I am having trouble understanding, from a conceptual point of view, why it would be impossible to travel faster than the speed of light.
I have read one explanation given in the form of an example to explain why causality would make it impossible to travel faster than light. The example was if say for instance a bullet were to travel faster than light, then the bullet would hit the target before the trigger was pulled.
At first I thought this kind of made sense, but then the more I thought about it I do not think it does. My problem with this example is I do not see why that proves anything. In my mind it is entirely conceivable that the bullet could hit the target before the observer sees the trigger being pulled, that does not violate causality if the bullet is travelling faster than light, much the same way one sees an axe fall on a tree before the sound reaches their ears, so they see it fall before the sound is perceived. It doesn't violate causality. I guess I do not see what is different when talking about light.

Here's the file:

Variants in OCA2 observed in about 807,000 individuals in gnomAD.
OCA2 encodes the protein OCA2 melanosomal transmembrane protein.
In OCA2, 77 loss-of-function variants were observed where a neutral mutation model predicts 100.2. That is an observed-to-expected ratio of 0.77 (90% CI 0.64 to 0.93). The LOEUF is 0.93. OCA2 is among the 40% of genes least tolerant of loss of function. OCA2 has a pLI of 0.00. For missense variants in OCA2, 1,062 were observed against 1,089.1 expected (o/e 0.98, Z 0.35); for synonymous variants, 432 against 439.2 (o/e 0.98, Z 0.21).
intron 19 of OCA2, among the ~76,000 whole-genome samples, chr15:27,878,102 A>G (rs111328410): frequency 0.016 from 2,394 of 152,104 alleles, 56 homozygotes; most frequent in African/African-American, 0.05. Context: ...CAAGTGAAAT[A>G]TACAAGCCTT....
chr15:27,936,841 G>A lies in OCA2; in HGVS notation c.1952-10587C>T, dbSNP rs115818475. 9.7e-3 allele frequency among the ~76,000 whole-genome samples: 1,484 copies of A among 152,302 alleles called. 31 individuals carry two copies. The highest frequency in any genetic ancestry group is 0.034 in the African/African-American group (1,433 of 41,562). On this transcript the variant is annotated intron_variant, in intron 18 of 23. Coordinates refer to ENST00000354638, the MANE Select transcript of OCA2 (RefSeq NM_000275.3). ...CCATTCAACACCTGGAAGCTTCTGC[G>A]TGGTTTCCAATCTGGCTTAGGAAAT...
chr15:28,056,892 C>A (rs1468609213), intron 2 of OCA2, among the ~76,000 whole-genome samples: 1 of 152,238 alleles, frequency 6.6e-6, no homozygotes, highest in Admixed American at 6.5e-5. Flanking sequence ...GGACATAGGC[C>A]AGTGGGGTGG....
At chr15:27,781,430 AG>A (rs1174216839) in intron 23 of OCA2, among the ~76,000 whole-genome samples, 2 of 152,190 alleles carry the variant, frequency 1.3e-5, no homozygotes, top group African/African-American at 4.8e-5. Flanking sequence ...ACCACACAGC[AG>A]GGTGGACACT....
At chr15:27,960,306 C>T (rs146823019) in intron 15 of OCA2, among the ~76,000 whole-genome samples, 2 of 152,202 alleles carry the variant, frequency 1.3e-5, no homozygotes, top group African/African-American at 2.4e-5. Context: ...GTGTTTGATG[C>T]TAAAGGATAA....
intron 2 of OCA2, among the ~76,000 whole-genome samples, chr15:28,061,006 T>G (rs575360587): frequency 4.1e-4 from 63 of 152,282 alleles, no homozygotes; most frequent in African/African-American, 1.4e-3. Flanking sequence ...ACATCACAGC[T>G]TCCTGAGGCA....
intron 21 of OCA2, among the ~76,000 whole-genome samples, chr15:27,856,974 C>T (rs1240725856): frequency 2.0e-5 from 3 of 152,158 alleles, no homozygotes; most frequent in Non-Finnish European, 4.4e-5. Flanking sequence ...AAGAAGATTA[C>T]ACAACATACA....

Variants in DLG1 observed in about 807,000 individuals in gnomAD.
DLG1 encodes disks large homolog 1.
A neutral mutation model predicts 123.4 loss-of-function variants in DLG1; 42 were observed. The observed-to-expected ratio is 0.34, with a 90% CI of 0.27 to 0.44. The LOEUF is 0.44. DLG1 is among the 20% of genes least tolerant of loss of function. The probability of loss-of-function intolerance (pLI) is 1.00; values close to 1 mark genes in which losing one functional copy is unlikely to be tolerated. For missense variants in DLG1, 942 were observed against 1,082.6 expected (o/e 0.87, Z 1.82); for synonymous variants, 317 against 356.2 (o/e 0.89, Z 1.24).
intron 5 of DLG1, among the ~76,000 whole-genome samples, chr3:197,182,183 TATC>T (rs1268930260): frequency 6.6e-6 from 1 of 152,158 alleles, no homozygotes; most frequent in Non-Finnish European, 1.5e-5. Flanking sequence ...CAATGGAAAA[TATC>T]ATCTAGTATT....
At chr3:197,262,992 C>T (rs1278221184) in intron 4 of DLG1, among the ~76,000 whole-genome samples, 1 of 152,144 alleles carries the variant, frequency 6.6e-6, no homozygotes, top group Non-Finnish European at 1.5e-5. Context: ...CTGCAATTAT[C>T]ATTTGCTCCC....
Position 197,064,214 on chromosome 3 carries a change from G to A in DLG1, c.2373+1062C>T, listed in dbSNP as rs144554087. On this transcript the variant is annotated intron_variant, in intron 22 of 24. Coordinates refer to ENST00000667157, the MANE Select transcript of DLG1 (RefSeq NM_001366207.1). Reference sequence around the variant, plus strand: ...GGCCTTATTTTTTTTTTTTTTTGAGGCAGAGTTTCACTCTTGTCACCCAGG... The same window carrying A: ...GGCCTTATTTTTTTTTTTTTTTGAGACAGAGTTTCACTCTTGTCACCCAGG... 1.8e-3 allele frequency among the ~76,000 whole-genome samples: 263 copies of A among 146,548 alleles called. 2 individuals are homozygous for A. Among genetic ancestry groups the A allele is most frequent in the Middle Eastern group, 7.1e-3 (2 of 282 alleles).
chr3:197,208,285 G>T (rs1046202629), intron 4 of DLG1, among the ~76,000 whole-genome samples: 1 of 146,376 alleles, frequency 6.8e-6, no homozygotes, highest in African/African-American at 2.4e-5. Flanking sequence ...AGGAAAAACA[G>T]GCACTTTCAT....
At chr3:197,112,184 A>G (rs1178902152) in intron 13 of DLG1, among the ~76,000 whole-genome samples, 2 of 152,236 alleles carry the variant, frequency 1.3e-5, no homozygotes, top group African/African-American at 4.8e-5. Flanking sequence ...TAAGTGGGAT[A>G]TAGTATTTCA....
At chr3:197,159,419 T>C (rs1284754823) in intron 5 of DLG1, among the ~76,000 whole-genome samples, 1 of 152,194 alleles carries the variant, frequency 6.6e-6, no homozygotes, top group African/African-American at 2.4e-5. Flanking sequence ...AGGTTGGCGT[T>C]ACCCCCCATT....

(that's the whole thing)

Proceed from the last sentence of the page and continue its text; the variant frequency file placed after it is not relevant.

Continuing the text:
What it seems like to me is that we are making the assumption that unless and until we "see" it happen, it has not yet happened. I do not understand why this is the case. Doesn't the fact that we have not "seen" the event occur yet simply mean that those photons have not yet reached our view, not that the event hasn't yet occurred, we just haven't seen it yet? Does this question make sense?